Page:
Personalized Medicine: A Tailor Made Medicine

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PMID: 25414780 (PubMed) - PMCID: PMC4224657 - View online: PubReader
Volume 6, Issue 4, October-December , Page 191 to 191
Monday, September 15, 2014 :Received , Monday, September 15, 2014 :Accepted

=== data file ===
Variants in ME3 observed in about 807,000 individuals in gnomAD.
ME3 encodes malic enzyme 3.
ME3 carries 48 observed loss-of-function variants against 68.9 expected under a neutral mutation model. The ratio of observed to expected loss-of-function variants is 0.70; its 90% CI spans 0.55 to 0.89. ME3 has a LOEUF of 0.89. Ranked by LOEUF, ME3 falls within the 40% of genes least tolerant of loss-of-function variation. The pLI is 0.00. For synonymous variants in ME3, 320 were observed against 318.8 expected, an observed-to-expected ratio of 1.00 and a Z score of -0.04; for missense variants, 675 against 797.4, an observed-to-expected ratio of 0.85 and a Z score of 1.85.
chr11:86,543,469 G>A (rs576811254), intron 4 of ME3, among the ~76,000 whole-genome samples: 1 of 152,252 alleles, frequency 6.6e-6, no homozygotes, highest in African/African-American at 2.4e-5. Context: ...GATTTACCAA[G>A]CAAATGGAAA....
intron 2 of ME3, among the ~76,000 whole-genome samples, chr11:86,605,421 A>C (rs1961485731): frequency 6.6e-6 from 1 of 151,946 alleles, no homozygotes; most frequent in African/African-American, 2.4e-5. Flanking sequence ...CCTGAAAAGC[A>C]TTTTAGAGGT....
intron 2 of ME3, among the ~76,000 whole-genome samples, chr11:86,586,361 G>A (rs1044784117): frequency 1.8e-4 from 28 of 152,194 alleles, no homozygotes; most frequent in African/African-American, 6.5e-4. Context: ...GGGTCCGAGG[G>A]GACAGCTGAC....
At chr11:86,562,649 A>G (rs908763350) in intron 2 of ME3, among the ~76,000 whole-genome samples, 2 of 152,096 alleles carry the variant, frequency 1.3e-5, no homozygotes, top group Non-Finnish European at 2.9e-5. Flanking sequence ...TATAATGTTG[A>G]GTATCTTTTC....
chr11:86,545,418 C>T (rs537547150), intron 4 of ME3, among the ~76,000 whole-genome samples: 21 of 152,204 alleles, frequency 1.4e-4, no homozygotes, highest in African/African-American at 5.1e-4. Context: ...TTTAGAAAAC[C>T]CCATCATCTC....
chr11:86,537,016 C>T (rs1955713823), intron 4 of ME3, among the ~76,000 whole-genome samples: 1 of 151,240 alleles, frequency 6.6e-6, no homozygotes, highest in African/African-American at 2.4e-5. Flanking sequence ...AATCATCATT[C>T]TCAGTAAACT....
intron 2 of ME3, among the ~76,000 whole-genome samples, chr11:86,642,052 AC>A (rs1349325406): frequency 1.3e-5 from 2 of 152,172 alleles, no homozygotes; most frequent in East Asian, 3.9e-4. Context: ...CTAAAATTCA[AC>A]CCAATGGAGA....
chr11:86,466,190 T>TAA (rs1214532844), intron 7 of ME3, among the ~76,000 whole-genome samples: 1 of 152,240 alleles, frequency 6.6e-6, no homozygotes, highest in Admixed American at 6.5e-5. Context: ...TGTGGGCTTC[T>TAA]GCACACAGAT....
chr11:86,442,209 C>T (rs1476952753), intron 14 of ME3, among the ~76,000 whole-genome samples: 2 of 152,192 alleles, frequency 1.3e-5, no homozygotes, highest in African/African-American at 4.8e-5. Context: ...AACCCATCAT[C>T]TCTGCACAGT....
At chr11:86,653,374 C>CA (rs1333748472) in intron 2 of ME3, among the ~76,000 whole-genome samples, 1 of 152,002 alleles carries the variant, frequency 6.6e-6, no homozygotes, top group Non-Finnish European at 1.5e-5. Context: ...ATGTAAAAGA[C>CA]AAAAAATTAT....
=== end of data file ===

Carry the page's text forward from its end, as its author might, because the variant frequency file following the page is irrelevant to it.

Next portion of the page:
In the past, disease diagnosis was based on symptoms that might be indicative of several diseases. Nowadays, diagnosis of some diseases has become more accurate because we are able to test for genes known to be associated with the disease. This method not only clearly identifies the presence of a particular disease; it can also precisely determine the subtype of the disease. Throughout history, the practice of medicine has largely been reactive. Even now days, we have to wait until the onset of diseases and then try to treat or cure them. As we don’t fully understand the genetic and environmental factors that cause major diseases such as cancer, Alzheimer’s and diabetes, our efforts to treat them are often imprecise, unpredictable and ineffective. In addition, the drugs and treatments we devise are tested on broad populations and are prescribed using statistical averages. For example, on average, any given prescription drug now on the market only works for half of those who take it. Anti-depressants are effective in only about 60 percent of those who take them 1-6. Personalized medicine is beginning to transform the practice of medicine. Personalized medicine is the tailoring of medical treatment to the individual characteristics of each patient. The approach relies on scientific breakthroughs in our understanding of how a person’s unique molecular and genetic profile makes them susceptible to certain diseases. This same research is increasing our ability to predict which medical treatments will be safe and effective for each patient, and which ones will not be. Personalized medicine may be considered an extension of traditional approaches to understanding and treating disease. Personalized medicine has the potential to change the way we think about, identify and manage health problems. It is already having an exciting impact on both clinical research and patient care, and this impact will grow as our understanding and technologies improve.




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